A DEADLY GAME Herreid and Thurston.
Parade might be the best musical, as well as the most unlikely one, that you've never seen. Its one-line plot description isn't exactly alluring. Not only is it about the murder of a child, it's about anti-Semitism in the South, in that the accused killer was Jewish.
Given a marvelous production by the Brown University/Trinity Rep Consortium through December 11, it's directed by Talya Klein. With book by Alfred Uhry and music and lyrics by Jason Robert Brown, it was co-created and directed on Broadway in 1998 by Harold Prince, winning Tonys for Best Book and Original Musical Score.
Yet, given its storyline, it wasn't popular, and closed after a short run. Can't take the truth, Manhattan theater audiences?
It's based on the 1913 murder in Atlanta of a young female worker. Standing accused in a subsequent trial was the Jewish superintendent of the pencil factory, Leo Frank (Charlie Thurston). The anti-Semitism comes into play not only with the prosecutor's enthusiasm in latching onto him as prime suspect but also in the ease with which witnesses were found to implicate him, sometimes by blatantly lying. Frank couldn't have fit their stereotype better if he had been picked from central casting, being not only a Yankee but a Yankee from Brooklyn, reluctantly having moved to Atlanta for work four years earlier.
This production is performed in the round, so we as well as the ensemble surround the action like co-conspirators in the large open space of the Pell Chafee Performance Center. A small orchestra plays behind the actors, but they wear microphones, so not much is lost to the background volume.
Everyone in this story has a strong emotional involvement in the proceedings, so the musical component of Parade is all the more important, since it's such an emotion megaphone. Amplifying that is the non-naturalistic presentation: white greasepaint emphasizes the racist bias of some of the characters, including an African American couple.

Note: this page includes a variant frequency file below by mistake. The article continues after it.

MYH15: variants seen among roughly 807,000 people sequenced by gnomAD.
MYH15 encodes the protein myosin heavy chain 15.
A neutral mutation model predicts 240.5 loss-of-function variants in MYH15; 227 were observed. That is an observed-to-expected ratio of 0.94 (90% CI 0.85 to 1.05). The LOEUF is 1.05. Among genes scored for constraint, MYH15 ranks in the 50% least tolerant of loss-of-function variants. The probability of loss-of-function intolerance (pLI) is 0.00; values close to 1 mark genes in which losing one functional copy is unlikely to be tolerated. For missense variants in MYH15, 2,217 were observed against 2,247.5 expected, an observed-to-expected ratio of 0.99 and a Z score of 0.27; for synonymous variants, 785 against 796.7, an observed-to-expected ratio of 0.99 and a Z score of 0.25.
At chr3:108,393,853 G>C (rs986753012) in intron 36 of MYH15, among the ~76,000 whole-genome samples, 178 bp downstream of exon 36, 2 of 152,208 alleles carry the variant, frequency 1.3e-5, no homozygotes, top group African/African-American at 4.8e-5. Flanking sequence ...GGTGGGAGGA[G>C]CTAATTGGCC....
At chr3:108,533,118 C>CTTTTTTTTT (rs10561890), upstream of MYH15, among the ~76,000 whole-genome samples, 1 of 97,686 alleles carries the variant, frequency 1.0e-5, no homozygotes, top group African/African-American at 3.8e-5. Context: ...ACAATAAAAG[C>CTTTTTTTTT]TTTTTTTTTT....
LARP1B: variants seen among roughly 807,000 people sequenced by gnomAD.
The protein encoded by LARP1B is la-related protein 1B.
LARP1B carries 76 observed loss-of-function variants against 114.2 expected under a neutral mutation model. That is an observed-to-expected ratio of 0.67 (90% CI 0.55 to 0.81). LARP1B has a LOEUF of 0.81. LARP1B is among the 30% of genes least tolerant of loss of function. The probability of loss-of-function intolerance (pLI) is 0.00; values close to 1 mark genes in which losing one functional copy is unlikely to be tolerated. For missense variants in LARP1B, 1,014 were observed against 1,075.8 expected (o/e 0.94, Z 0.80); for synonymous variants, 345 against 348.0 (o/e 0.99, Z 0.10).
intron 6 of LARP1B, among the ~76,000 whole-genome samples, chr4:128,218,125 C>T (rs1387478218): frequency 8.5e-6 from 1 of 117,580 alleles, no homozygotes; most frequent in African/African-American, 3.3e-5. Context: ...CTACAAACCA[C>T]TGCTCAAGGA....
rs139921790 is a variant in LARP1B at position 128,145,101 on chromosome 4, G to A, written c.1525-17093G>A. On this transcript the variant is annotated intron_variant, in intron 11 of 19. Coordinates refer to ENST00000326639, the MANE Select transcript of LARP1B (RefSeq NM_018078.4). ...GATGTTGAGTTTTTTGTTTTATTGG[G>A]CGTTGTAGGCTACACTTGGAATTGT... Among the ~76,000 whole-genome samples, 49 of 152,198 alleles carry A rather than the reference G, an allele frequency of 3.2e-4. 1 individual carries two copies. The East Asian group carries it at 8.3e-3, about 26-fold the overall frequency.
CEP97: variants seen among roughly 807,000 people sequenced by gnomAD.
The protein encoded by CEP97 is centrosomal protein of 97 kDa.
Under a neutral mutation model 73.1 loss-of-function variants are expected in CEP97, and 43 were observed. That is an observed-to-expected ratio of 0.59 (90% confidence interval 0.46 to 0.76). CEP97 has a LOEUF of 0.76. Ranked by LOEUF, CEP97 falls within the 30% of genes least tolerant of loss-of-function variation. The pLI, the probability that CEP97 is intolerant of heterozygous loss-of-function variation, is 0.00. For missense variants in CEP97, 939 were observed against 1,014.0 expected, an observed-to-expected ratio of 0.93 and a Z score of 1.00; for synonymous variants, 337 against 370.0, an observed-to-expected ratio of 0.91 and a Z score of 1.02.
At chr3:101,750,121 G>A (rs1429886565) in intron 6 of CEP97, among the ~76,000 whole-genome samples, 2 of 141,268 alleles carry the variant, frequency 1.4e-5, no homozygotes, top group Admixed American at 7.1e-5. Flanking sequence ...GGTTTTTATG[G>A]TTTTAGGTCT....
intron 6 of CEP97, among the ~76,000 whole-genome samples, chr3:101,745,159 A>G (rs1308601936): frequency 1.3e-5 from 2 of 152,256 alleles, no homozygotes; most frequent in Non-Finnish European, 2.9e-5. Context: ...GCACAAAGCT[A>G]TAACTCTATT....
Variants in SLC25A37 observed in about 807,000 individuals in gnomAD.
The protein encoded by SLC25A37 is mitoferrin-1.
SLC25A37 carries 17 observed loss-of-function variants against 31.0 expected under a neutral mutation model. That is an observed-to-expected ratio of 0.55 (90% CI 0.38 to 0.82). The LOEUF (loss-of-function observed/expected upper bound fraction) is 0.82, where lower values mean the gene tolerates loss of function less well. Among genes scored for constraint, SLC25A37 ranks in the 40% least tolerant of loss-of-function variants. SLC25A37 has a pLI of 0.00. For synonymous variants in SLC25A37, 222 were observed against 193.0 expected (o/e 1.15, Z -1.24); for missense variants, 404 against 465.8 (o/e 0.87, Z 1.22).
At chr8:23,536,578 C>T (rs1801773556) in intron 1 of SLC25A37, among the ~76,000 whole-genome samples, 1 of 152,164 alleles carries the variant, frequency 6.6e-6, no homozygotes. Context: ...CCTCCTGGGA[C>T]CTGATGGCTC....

Thurston catapults Leo Frank on a compelling dramatic arc, from constantly irritable toward his wife at the beginning to warmly appreciative of her toward the end, when her support is all he has. Lucille Frank (Caroline Kaplan) goes through her own changes, from being so self-conscious of being stared at that she doesn't want to attend his trial to growing into a compassionate helpmate. By the time she is singing, in lovely voice, "You Don't Know," as a defense of his character, the story has become quite affecting. (The vocal talent varies, but Thurston, Will Austin, and Darien Battle also deserve singling out for kudos.)
Frank admits to having spoken to the victim, 13-year-old Mary Phagan (Emeline Herreld), not long before she was strangled, paying her for her work that week. Mary's body was found the next day in the factory basement.
The prosecutor, Hugh Dorsey, is given a zealous verve by Will Austin, as he buckles down to the business of making sure somebody hangs for the crime. He's encouraged by eager crime reporter Britt Craig (Philippe Bowgen), who makes sure that fairness and journalistic restraint don't stand in the way of a good story. The night janitor at the factory, Newt Lee (Battle), is briefly interviewed as a suspect and is appropriately terrified, knowing the usual outcome of such queries for black men.